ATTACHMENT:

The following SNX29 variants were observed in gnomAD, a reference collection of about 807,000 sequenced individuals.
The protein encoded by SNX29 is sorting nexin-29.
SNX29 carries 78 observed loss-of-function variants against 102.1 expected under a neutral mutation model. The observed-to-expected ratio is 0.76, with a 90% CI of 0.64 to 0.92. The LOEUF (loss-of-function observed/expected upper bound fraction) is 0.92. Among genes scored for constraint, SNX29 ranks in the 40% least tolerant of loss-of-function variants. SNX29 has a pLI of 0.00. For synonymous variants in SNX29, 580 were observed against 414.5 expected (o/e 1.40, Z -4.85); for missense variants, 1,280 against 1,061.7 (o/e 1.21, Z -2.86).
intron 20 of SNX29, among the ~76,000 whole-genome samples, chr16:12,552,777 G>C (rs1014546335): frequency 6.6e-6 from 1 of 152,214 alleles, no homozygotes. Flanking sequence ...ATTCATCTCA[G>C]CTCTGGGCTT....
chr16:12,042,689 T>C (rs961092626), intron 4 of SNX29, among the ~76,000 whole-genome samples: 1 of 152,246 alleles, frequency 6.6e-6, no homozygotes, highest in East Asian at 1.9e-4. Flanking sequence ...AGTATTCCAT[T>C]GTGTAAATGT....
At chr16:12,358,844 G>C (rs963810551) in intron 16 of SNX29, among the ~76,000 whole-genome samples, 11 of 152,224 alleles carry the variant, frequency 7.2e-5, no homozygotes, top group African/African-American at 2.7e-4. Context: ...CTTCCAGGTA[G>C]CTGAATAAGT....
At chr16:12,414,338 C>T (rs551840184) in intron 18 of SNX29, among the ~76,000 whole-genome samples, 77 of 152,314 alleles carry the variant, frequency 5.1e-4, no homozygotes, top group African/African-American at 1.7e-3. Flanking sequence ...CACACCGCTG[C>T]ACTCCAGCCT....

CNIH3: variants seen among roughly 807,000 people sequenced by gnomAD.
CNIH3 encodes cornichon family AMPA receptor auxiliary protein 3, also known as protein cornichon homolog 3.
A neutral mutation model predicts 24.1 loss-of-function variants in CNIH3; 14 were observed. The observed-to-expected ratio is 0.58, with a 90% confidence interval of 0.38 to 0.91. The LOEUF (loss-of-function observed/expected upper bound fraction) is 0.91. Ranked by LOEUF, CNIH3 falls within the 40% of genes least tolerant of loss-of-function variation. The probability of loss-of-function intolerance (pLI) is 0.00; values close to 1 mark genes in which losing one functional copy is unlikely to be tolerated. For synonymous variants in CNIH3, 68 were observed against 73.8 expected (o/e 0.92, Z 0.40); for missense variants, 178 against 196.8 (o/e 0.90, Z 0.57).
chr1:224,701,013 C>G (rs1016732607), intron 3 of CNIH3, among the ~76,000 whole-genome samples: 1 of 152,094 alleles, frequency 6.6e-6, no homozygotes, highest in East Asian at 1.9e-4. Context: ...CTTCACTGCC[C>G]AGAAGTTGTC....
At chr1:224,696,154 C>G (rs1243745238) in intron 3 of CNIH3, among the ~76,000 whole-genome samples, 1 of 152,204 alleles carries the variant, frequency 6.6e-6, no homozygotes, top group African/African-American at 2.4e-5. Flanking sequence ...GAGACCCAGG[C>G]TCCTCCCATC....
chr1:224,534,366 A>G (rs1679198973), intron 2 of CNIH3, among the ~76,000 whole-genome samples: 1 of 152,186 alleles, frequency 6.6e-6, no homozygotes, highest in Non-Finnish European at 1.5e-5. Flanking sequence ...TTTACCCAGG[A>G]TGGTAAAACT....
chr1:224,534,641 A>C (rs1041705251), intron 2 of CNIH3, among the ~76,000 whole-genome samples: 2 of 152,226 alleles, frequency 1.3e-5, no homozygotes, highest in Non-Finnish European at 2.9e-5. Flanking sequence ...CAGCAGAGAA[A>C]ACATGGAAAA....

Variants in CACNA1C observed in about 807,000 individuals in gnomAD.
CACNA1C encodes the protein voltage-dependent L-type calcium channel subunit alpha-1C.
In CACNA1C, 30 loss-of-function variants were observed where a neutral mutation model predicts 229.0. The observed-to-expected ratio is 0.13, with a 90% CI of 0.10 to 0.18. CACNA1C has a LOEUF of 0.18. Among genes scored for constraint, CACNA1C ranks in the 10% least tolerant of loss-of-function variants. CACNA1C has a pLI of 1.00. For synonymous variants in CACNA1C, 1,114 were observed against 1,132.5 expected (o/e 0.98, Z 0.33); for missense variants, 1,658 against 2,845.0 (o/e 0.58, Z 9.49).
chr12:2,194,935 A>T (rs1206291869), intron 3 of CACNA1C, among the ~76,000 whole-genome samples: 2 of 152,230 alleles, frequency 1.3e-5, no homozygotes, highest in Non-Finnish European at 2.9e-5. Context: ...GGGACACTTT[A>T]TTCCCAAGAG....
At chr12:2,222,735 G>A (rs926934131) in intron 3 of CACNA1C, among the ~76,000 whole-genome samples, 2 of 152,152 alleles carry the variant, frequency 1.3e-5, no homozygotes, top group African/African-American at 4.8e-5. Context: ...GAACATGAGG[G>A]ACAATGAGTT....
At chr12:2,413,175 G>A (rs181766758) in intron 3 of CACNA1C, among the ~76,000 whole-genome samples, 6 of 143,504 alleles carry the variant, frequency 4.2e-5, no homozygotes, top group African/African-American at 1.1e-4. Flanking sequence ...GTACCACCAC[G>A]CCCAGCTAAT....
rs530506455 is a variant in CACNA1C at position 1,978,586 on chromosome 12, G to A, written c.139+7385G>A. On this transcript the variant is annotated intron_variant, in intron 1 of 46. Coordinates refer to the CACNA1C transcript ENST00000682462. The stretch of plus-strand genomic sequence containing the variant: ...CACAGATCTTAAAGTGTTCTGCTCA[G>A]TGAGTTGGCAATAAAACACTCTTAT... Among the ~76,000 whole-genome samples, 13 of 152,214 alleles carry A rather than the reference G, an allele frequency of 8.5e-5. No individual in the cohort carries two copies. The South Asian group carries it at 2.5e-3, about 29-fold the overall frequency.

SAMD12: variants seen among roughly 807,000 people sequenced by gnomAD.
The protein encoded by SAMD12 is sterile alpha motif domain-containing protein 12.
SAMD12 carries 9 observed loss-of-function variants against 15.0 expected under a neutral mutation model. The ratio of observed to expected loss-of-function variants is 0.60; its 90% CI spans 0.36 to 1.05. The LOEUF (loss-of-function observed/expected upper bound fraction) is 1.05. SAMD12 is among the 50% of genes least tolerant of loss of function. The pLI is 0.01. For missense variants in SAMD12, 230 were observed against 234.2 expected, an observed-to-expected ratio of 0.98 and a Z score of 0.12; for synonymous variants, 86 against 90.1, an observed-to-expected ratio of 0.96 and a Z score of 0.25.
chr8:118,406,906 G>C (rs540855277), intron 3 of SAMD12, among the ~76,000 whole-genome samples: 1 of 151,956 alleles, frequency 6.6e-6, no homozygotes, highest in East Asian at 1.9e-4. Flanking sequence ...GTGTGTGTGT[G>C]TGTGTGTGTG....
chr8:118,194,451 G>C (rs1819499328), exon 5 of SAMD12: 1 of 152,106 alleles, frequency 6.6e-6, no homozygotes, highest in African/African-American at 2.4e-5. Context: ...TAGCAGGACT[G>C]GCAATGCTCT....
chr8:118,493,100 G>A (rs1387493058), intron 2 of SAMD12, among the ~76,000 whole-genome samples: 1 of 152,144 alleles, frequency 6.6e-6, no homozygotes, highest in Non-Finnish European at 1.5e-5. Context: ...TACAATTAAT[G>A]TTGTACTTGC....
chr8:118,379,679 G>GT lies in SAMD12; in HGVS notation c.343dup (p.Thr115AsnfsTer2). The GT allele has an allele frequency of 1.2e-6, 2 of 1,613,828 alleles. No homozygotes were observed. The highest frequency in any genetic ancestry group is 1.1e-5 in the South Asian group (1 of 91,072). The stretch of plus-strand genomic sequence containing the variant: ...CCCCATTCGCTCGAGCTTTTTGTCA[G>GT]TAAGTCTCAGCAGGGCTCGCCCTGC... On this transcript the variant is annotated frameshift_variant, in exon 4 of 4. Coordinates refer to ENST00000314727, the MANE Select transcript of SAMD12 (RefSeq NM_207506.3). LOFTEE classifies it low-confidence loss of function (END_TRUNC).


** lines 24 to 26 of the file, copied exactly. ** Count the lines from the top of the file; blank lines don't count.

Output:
SAMD12 carries 9 observed loss-of-function variants against 15.0 expected under a neutral mutation model. The ratio of observed to expected loss-of-function variants is 0.60; its 90% CI spans 0.36 to 1.05. The LOEUF (loss-of-function observed/expected upper bound fraction) is 1.05. SAMD12 is among the 50% of genes least tolerant of loss of function. The pLI is 0.01. For missense variants in SAMD12, 230 were observed against 234.2 expected, an observed-to-expected ratio of 0.98 and a Z score of 0.12; for synonymous variants, 86 against 90.1, an observed-to-expected ratio of 0.96 and a Z score of 0.25.
chr8:118,406,906 G>C (rs540855277), intron 3 of SAMD12, among the ~76,000 whole-genome samples: 1 of 151,956 alleles, frequency 6.6e-6, no homozygotes, highest in East Asian at 1.9e-4. Flanking sequence ...GTGTGTGTGT[G>C]TGTGTGTGTG....
chr8:118,194,451 G>C (rs1819499328), exon 5 of SAMD12: 1 of 152,106 alleles, frequency 6.6e-6, no homozygotes, highest in African/African-American at 2.4e-5. Context: ...TAGCAGGACT[G>C]GCAATGCTCT....